I’m coming to the end of my re-cap of the 2 week trip I took to Patagonia in January of 2012. It’s been wonderful to think back and write out what I saw and experienced each day, and this process has made me want to go back and hike in El Chalten and visit the beautiful Torres del Paine again. I hope one day I will.
Last week I went to the American embassy here in Buenos Aires to get more pages added to my passport. I thought the new pages would go in the back, but they taped and sewed on a small booklet of additional 24 pages in the middle. Now when I open up my passport, the new crease from the inner booklet takes me to page 19. On page 19 there is a lone stamp that transports me immediately back to the town of Ushuaia in Tierra del Fuego and my trip to Patagonia. Under the name of the city and a small map of where Ushuaia is located, you find this phrase “la ciudad mas austral del mundo” (the southern most city in the world).
It was Friday, January 13, 2012. We woke up to an absolute stunner of a day. From the hilltop where our hotel was located we could see the crisp deep blue skies and the glowing sunlight spreading its warmth across the water before us. We walked down to the docks early to see if we could do the Beagle Channel cruise. What better way to take in this gorgeous day, right? As I said, it was calm and beautiful where we were. But the cruise was not to be. Apparently there were high winds miles out in the Channel and no one was sailing that morning. We were deflated to say the least. We’d gone out the night before to celebrate Joy’s birthday. I came back to the hotel after the first bar but the gang had continued on and I didn’t even hear Lynne get back to the room. I was tired and we’d gotten up early, way too early to get rejected. Argh. We tried to salvage the situation by going to the visitor’s office to get our passports stamped…. only to find the doors still locked. It was too early.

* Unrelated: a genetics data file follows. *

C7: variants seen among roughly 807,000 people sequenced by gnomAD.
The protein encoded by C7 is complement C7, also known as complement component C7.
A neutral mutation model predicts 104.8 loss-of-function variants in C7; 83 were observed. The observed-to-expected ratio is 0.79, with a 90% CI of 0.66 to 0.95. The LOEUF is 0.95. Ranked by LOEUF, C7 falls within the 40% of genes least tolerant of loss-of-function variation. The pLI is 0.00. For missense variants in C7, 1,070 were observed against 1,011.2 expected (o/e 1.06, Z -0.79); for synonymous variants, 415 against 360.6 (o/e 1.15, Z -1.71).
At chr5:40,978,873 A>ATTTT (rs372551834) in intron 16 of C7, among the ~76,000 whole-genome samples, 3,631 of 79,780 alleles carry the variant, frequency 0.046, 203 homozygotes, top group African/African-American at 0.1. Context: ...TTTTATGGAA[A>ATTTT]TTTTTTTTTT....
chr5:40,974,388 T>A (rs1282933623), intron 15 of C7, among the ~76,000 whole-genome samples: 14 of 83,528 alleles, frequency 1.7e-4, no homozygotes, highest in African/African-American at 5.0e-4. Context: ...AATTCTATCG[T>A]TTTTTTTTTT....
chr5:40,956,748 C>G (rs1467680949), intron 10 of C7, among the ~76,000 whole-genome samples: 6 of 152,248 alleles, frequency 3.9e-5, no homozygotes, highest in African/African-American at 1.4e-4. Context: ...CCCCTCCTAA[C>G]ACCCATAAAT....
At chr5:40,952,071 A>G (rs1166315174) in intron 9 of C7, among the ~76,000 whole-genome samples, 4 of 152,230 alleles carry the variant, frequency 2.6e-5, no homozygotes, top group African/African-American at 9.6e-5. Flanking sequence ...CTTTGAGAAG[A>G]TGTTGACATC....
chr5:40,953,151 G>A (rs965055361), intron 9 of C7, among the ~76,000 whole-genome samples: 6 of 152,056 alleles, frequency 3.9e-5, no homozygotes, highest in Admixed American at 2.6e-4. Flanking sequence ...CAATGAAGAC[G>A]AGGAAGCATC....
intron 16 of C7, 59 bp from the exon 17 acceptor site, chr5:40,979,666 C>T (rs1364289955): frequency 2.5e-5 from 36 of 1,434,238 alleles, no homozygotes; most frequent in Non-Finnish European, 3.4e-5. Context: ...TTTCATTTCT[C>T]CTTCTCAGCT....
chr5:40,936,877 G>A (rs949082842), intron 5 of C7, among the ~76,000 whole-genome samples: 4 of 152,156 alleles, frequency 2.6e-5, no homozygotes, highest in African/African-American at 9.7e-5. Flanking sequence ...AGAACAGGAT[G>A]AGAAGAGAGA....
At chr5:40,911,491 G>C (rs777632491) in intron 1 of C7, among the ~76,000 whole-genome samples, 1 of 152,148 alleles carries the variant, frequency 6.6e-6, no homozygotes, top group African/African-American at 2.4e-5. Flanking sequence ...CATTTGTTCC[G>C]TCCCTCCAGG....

The solution to our problem came in the form of the most adorable little restaurant/museum you can imagine, that will forever be known as what Carola called it- “the green place across the street from the gas station.” This cozy gem of a restaurant was filled with all kinds of antiques and old posters and just… stuff. Rows of jars shaped like penguins, giant coffee table photography books on Patagonia, old kerosene lamps, woven baskets, and heaps of freshly baked medialunas (croissants), rolls, and chocolate meringues. We sat by the window and I felt instantly better when the waiter delivered what we ordered.
We were due back for lunch and another shot at the Beagle Channel cruise at 13:30 so we went to get our passports stamped (it’s self-service and you get to choose your favorite stamp from a box of 4 or 5; you can use all the stamps if it pleases you), picked up some post cards, stopped by the post office, a few souvenir shops lining the main street, etc.
Well, luck was not on our side. They declared that the winds were too strong for the 3PM boats to sail and we had to think of something to do for the afternoon. I think my motto should be “when in doubt, hike or walk” because that’s what I always end up doing. We went up to Glacier Martial, a few kilometers out of town to hike up the mountain. There were ski lifts you could take up to the lookout point but my group of hikers decided to walk up the steep hill and beyond where the ski lifts ended. I decided to walk up slowly and do it alone, and when I reached the top where the trail split I chose to stay on a big rock by a quiet stream to just be. It was nice to know that I could be good company for myself.
One last attempt at the 7PM sailing also failed us and we returned back to the hotel for an evening in. We all brought a few things up to the dining area and shared them with everyone. Were the winds really that strong? Was it to do with the day being Friday the 13th? Whatever the case we had some time to see the town, hike a bit, and got a cool stamp for my passport. One more day left to sail out, for Ushuaia, and for Patagonia…